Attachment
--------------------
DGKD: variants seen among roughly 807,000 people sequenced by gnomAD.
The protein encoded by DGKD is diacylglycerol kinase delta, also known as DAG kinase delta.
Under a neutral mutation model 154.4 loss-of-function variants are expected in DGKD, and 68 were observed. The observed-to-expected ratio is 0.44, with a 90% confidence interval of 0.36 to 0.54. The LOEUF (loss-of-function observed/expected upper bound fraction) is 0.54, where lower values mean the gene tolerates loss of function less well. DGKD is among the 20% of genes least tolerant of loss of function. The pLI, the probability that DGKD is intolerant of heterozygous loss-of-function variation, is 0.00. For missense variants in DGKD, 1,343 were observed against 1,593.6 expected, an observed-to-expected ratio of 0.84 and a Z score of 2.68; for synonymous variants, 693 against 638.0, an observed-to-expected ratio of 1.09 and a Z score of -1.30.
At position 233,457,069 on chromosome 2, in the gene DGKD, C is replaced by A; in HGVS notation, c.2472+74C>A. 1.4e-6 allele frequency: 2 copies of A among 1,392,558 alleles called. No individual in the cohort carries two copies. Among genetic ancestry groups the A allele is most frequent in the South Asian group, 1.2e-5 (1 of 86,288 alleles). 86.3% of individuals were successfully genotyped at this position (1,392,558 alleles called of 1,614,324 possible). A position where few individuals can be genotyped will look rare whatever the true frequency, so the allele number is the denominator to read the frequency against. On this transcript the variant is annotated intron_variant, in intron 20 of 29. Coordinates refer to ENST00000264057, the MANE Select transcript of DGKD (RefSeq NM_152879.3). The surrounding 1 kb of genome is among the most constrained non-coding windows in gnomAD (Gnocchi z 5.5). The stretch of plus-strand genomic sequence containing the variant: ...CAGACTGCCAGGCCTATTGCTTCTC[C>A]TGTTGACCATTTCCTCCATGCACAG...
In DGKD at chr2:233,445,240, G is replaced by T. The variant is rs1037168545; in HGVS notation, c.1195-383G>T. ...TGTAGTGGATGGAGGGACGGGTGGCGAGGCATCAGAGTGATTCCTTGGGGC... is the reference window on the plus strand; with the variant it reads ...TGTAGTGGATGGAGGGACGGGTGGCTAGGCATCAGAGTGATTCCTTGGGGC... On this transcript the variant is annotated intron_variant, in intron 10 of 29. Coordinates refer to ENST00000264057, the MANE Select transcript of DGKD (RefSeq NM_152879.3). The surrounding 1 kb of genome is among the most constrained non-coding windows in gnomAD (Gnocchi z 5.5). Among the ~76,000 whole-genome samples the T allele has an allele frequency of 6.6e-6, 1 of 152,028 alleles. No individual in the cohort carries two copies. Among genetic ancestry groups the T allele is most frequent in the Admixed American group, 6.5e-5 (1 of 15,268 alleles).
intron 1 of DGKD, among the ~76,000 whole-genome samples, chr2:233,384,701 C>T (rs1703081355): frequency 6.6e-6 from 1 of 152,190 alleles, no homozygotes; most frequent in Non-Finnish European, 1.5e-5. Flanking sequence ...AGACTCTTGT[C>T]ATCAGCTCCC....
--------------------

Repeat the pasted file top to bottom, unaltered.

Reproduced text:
DGKD: variants seen among roughly 807,000 people sequenced by gnomAD.
The protein encoded by DGKD is diacylglycerol kinase delta, also known as DAG kinase delta.
Under a neutral mutation model 154.4 loss-of-function variants are expected in DGKD, and 68 were observed. The observed-to-expected ratio is 0.44, with a 90% confidence interval of 0.36 to 0.54. The LOEUF (loss-of-function observed/expected upper bound fraction) is 0.54, where lower values mean the gene tolerates loss of function less well. DGKD is among the 20% of genes least tolerant of loss of function. The pLI, the probability that DGKD is intolerant of heterozygous loss-of-function variation, is 0.00. For missense variants in DGKD, 1,343 were observed against 1,593.6 expected, an observed-to-expected ratio of 0.84 and a Z score of 2.68; for synonymous variants, 693 against 638.0, an observed-to-expected ratio of 1.09 and a Z score of -1.30.
At position 233,457,069 on chromosome 2, in the gene DGKD, C is replaced by A; in HGVS notation, c.2472+74C>A. 1.4e-6 allele frequency: 2 copies of A among 1,392,558 alleles called. No individual in the cohort carries two copies. Among genetic ancestry groups the A allele is most frequent in the South Asian group, 1.2e-5 (1 of 86,288 alleles). 86.3% of individuals were successfully genotyped at this position (1,392,558 alleles called of 1,614,324 possible). A position where few individuals can be genotyped will look rare whatever the true frequency, so the allele number is the denominator to read the frequency against. On this transcript the variant is annotated intron_variant, in intron 20 of 29. Coordinates refer to ENST00000264057, the MANE Select transcript of DGKD (RefSeq NM_152879.3). The surrounding 1 kb of genome is among the most constrained non-coding windows in gnomAD (Gnocchi z 5.5). The stretch of plus-strand genomic sequence containing the variant: ...CAGACTGCCAGGCCTATTGCTTCTC[C>A]TGTTGACCATTTCCTCCATGCACAG...
In DGKD at chr2:233,445,240, G is replaced by T. The variant is rs1037168545; in HGVS notation, c.1195-383G>T. ...TGTAGTGGATGGAGGGACGGGTGGCGAGGCATCAGAGTGATTCCTTGGGGC... is the reference window on the plus strand; with the variant it reads ...TGTAGTGGATGGAGGGACGGGTGGCTAGGCATCAGAGTGATTCCTTGGGGC... On this transcript the variant is annotated intron_variant, in intron 10 of 29. Coordinates refer to ENST00000264057, the MANE Select transcript of DGKD (RefSeq NM_152879.3). The surrounding 1 kb of genome is among the most constrained non-coding windows in gnomAD (Gnocchi z 5.5). Among the ~76,000 whole-genome samples the T allele has an allele frequency of 6.6e-6, 1 of 152,028 alleles. No individual in the cohort carries two copies. Among genetic ancestry groups the T allele is most frequent in the Admixed American group, 6.5e-5 (1 of 15,268 alleles).
intron 1 of DGKD, among the ~76,000 whole-genome samples, chr2:233,384,701 C>T (rs1703081355): frequency 6.6e-6 from 1 of 152,190 alleles, no homozygotes; most frequent in Non-Finnish European, 1.5e-5. Flanking sequence ...AGACTCTTGT[C>T]ATCAGCTCCC....